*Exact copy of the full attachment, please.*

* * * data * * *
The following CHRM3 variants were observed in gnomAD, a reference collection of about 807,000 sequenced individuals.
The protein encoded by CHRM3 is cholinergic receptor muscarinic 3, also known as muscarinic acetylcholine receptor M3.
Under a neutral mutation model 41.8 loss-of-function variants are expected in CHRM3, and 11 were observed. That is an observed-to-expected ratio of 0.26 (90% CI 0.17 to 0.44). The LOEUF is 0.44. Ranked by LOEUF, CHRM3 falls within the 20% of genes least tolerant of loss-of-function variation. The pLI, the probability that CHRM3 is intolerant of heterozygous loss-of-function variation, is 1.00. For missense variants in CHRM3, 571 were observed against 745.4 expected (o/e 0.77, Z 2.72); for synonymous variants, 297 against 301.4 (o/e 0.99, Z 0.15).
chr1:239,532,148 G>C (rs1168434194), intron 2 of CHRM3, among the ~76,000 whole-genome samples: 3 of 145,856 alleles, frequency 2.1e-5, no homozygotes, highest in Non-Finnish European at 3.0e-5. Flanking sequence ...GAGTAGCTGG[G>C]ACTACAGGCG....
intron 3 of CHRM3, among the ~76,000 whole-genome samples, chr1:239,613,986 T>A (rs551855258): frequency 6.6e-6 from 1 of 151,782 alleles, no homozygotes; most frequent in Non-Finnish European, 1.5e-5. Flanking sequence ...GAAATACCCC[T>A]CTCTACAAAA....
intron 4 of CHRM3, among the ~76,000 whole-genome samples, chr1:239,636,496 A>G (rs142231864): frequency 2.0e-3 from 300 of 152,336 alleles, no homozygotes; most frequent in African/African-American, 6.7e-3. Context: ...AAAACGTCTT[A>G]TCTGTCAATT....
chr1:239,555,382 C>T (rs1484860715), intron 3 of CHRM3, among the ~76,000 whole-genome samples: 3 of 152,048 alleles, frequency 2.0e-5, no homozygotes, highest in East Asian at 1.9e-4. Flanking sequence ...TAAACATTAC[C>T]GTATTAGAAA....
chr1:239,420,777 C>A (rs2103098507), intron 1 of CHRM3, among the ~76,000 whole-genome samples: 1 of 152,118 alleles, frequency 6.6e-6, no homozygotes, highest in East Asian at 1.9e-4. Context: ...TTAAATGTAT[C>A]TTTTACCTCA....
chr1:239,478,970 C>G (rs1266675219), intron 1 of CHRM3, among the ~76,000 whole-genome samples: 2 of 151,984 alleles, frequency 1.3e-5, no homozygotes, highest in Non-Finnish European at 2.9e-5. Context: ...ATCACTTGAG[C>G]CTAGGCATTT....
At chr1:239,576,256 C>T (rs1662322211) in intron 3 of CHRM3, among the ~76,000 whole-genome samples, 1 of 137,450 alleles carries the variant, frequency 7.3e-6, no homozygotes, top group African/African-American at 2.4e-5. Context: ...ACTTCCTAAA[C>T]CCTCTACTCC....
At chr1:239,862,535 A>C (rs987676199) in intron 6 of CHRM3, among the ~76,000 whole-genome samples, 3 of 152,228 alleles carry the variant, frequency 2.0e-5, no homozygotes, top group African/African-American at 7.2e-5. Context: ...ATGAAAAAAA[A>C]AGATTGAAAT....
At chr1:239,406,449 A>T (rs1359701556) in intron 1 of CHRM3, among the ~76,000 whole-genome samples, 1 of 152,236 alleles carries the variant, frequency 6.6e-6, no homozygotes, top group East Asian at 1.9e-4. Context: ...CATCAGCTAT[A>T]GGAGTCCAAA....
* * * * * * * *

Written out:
The following CHRM3 variants were observed in gnomAD, a reference collection of about 807,000 sequenced individuals.
The protein encoded by CHRM3 is cholinergic receptor muscarinic 3, also known as muscarinic acetylcholine receptor M3.
Under a neutral mutation model 41.8 loss-of-function variants are expected in CHRM3, and 11 were observed. That is an observed-to-expected ratio of 0.26 (90% CI 0.17 to 0.44). The LOEUF is 0.44. Ranked by LOEUF, CHRM3 falls within the 20% of genes least tolerant of loss-of-function variation. The pLI, the probability that CHRM3 is intolerant of heterozygous loss-of-function variation, is 1.00. For missense variants in CHRM3, 571 were observed against 745.4 expected (o/e 0.77, Z 2.72); for synonymous variants, 297 against 301.4 (o/e 0.99, Z 0.15).
chr1:239,532,148 G>C (rs1168434194), intron 2 of CHRM3, among the ~76,000 whole-genome samples: 3 of 145,856 alleles, frequency 2.1e-5, no homozygotes, highest in Non-Finnish European at 3.0e-5. Flanking sequence ...GAGTAGCTGG[G>C]ACTACAGGCG....
intron 3 of CHRM3, among the ~76,000 whole-genome samples, chr1:239,613,986 T>A (rs551855258): frequency 6.6e-6 from 1 of 151,782 alleles, no homozygotes; most frequent in Non-Finnish European, 1.5e-5. Flanking sequence ...GAAATACCCC[T>A]CTCTACAAAA....
intron 4 of CHRM3, among the ~76,000 whole-genome samples, chr1:239,636,496 A>G (rs142231864): frequency 2.0e-3 from 300 of 152,336 alleles, no homozygotes; most frequent in African/African-American, 6.7e-3. Context: ...AAAACGTCTT[A>G]TCTGTCAATT....
chr1:239,555,382 C>T (rs1484860715), intron 3 of CHRM3, among the ~76,000 whole-genome samples: 3 of 152,048 alleles, frequency 2.0e-5, no homozygotes, highest in East Asian at 1.9e-4. Flanking sequence ...TAAACATTAC[C>T]GTATTAGAAA....
chr1:239,420,777 C>A (rs2103098507), intron 1 of CHRM3, among the ~76,000 whole-genome samples: 1 of 152,118 alleles, frequency 6.6e-6, no homozygotes, highest in East Asian at 1.9e-4. Context: ...TTAAATGTAT[C>A]TTTTACCTCA....
chr1:239,478,970 C>G (rs1266675219), intron 1 of CHRM3, among the ~76,000 whole-genome samples: 2 of 151,984 alleles, frequency 1.3e-5, no homozygotes, highest in Non-Finnish European at 2.9e-5. Context: ...ATCACTTGAG[C>G]CTAGGCATTT....
At chr1:239,576,256 C>T (rs1662322211) in intron 3 of CHRM3, among the ~76,000 whole-genome samples, 1 of 137,450 alleles carries the variant, frequency 7.3e-6, no homozygotes, top group African/African-American at 2.4e-5. Context: ...ACTTCCTAAA[C>T]CCTCTACTCC....
At chr1:239,862,535 A>C (rs987676199) in intron 6 of CHRM3, among the ~76,000 whole-genome samples, 3 of 152,228 alleles carry the variant, frequency 2.0e-5, no homozygotes, top group African/African-American at 7.2e-5. Context: ...ATGAAAAAAA[A>C]AGATTGAAAT....
At chr1:239,406,449 A>T (rs1359701556) in intron 1 of CHRM3, among the ~76,000 whole-genome samples, 1 of 152,236 alleles carries the variant, frequency 6.6e-6, no homozygotes, top group East Asian at 1.9e-4. Context: ...CATCAGCTAT[A>T]GGAGTCCAAA....